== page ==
Receiver Depth Rises To Incredible Levels

The Packers have the best five-man receiving corps in the NFL. The Vikings and Buccaneers tried to raid their practice squad. Three intriguing rookies have been added to the mix. Driver or no Driver, can the Packers break with the norm and keep six receivers?

The Green Bay Packers are loaded at wide receiver.

Greg Jennings has made two consecutive Pro Bowls, and if not for a knee sprain that cost him three games, he would have had a fourth consecutive season of 1,000 yards. Among receivers playing at least half of his team's snaps, he ranked sixth in the league with a catch percentage of 69.8, according to Pro Football Focus.

Jordy Nelson had 1,268 yards and six touchdowns in his first three seasons but 1,263 yards and 15 touchdowns in 2011. Among receivers playing at least half of his team's snaps, he ranked third in the league with a catch percentage of 73.1.

James Jones set career highs with seven touchdown catches and 16.7 yards per reception. If he would have met PFF's 50 percent playing time threshold, he would have tied for fifth with a catch percentage of 70.4.

Donald Driver had his fewest receptions (37) and yards (445) since 2001 but his six touchdowns equaled his most since 2006.

Randall Cobb made the most of limited opportunities to finish with 25 catches for 375 yards and one touchdown. He made the all-rookie team on the strength of his No. 2 ranking in kickoff returns (27.7 average) and No. 7 mark on punt returns (11.3 average).

Tori Gurley and Diondre Borel had their salaries quadrupled to entice them to stay on the practice squad rather than take 53-man promotions to Minnesota and Tampa Bay, respectively. Coach Mike McCarthy said those two "stood out" at last weekend's rookie camp, which you'd expect, since they know the playbook and the professional way of life.

If that seven-man list isn't strong enough or long enough, Dale Moss was one of the draft's sleepers, with perhaps the draft's best combination of size (6-foot-3) and speed (4.39 in the 40-yard dash at his pro day) among the receivers in the draft. The former college basketball player caught 61 passes and dropped just one ball in his one season on the football field.

Nos. 9 and 10 on the training camp depth chart will be Buffalo's Marcus Rivers, who signed after the draft, and Virginia Tech's Jarrett Boykin, who signed after participating on a tryout basis last weekend. Rivers is 6-foot-3 and Boykin is 6-foot-2, though neither have Moss' speed (Boykin ran 4.74 at the Combine and 4.62 at pro day and Rivers ran 4.61 at pro day).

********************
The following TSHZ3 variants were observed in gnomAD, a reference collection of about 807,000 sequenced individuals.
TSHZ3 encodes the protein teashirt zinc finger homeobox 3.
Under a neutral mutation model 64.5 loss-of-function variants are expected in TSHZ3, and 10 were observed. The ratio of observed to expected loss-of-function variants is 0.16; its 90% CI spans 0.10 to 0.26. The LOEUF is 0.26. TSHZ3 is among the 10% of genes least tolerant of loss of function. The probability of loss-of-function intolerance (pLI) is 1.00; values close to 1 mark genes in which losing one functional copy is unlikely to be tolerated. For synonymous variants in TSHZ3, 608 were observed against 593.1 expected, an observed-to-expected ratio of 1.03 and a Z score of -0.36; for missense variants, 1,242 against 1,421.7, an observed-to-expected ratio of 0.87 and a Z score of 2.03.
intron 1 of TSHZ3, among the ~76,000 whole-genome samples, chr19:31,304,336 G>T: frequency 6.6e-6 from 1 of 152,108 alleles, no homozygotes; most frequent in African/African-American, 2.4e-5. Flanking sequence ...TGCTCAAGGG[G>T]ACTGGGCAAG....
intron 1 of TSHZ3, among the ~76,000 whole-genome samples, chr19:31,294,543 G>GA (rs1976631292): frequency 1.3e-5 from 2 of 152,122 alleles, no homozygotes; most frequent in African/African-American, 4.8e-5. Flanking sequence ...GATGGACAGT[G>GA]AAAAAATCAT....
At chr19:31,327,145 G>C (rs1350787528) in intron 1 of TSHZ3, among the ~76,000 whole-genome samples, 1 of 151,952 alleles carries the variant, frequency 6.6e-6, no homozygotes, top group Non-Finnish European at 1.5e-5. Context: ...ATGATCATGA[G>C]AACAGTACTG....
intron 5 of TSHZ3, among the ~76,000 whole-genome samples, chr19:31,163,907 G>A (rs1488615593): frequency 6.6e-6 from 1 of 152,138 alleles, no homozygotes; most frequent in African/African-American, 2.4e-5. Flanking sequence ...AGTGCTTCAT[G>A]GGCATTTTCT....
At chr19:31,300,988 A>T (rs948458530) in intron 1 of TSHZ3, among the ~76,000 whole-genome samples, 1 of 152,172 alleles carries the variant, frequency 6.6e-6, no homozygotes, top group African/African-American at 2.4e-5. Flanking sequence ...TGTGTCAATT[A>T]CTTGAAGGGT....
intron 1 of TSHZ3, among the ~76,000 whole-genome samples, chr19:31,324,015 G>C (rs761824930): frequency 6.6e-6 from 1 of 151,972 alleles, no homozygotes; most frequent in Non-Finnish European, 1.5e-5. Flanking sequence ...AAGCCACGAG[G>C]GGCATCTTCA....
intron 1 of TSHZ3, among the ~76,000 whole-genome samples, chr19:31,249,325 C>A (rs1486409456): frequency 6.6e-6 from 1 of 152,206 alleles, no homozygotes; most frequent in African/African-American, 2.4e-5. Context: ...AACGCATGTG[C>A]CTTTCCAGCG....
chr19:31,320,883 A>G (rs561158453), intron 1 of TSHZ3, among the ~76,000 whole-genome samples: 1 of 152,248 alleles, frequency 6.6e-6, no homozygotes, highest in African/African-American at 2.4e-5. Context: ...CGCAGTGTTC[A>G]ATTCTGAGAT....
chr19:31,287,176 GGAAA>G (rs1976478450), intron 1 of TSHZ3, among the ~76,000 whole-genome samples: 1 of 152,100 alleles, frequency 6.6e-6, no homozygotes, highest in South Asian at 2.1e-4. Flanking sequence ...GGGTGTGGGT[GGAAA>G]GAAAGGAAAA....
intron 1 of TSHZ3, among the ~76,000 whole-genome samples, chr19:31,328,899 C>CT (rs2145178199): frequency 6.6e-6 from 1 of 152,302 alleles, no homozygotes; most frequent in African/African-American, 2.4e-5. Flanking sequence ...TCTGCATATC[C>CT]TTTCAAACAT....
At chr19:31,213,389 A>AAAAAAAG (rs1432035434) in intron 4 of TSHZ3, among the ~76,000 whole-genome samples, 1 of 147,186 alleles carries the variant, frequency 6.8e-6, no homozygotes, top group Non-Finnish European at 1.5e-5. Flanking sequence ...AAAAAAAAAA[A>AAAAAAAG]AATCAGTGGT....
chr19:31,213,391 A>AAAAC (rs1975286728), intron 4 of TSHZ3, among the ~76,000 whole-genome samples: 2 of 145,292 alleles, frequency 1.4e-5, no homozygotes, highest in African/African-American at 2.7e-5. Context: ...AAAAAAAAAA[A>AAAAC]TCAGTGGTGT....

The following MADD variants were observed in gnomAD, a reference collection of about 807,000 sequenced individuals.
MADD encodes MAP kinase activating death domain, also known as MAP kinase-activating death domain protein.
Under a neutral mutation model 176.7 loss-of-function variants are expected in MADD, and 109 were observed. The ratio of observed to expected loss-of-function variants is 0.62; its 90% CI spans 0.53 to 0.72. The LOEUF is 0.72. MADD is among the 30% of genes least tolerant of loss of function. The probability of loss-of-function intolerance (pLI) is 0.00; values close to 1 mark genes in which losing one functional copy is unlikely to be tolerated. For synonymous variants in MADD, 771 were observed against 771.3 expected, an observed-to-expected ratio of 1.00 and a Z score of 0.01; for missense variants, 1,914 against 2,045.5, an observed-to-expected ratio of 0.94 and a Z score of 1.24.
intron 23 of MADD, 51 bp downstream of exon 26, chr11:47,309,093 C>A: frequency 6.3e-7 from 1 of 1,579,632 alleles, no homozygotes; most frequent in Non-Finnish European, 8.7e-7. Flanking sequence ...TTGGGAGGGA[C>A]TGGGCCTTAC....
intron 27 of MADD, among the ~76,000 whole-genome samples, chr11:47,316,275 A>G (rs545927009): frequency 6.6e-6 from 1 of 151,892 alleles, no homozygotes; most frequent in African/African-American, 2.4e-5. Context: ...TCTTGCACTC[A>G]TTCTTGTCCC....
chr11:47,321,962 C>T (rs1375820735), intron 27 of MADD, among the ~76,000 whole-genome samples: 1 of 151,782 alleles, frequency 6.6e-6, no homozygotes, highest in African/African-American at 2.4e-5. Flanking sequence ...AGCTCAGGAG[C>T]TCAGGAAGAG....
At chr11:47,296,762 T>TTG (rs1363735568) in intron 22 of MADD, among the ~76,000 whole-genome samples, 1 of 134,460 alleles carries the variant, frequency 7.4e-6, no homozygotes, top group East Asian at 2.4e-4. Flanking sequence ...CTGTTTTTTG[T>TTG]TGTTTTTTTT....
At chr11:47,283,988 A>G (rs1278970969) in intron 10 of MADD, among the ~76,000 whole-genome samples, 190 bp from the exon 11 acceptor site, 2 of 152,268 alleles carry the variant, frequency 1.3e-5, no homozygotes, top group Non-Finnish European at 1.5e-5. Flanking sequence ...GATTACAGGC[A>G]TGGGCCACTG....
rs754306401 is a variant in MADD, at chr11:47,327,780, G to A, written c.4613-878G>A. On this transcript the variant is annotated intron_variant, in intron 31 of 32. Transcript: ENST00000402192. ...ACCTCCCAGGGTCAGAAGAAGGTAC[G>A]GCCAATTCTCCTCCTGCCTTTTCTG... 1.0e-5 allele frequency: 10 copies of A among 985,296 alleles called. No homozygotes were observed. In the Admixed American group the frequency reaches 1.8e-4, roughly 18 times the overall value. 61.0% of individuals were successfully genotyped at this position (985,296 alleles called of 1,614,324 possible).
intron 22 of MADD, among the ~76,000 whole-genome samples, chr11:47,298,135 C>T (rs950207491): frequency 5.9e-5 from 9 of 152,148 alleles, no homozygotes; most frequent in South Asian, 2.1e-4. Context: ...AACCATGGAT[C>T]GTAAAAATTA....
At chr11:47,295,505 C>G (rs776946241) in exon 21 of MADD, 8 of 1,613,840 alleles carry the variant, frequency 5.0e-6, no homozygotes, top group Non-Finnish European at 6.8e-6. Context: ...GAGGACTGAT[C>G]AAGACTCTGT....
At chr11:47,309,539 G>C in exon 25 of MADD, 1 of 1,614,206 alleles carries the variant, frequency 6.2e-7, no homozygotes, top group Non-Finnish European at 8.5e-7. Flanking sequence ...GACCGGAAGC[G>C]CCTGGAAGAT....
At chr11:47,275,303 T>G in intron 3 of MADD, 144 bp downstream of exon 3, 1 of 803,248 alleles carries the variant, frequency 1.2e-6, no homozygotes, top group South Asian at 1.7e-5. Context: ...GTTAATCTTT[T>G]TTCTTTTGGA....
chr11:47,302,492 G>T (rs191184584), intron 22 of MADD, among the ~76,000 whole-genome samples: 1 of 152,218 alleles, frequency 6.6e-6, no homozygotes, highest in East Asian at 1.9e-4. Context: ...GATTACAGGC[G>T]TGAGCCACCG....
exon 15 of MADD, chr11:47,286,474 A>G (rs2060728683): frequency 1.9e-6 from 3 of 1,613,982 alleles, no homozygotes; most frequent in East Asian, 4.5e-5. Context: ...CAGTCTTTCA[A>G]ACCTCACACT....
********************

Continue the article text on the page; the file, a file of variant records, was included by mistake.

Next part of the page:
"You look for the skill-set, what they bring to the table, how they fit, the potential to make the team. You look at all those factors," McCarthy said of the rookie receivers adapting to a new playbook and new quarterbacks. "So, you look at all of those factors. It's tough because you also have to really trust their (college) game tape because that's the tape that really factors because they're in pads."

What an embarrassment of riches, which leads to one big question.

Even setting aside the 37-year-old Driver's future in Green Bay, can the Packers squeeze six receivers onto the final 53-man roster?

"I really don't concern myself with that in May," McCarthy said. "It's important to make sure you go to camp, you have your numbers at every position, create the competition. Your roster will come to you. I think, like a lot of decisions in the game of football, I don't chase roster moves in May and June and not really until we get into August. I never try to pick the team this early. I don't do the fantasy football because I wouldn't be doing my job evaluating players for what they do on a daily basis if I approached it that way."

McCarthy has done some unorthodox things with the roster, including five tight ends last year and three fullbacks in 2010. Going with six receivers wouldn't be unorthodox — not in the pass-happy NFL — but after the front-line players, most of the Packers' roster decisions boil down to special teams. McCarthy found special teams value in the fullbacks and tight ends.

Where is the special teams value in a wide receiver if he's not returning kicks? Cobb was drafted in large part because of his kick-returning ability, and he's not likely to lose that gig after being one of just three returners in the league to score touchdowns on a punt return and kickoff return last year. Can Borel or Gurley cover kicks or serve as a jammer on punt returns? Moss, Rivers and Boykin are big and strong, but can they block and tackle?

The outrageous depth and intriguing potential in the young receivers are why the beloved Driver potentially has played his last game in Green Bay. Driver or no Driver, the receiver battles will be raging over the next three-plus months.

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Bill Huber is publisher of Packer Report magazine and and has written for Packer Report since 1997. E-mail him at, or leave him a question in Packer Report's subscribers-only Packers Pro Club forum. Find Bill on Twitter at

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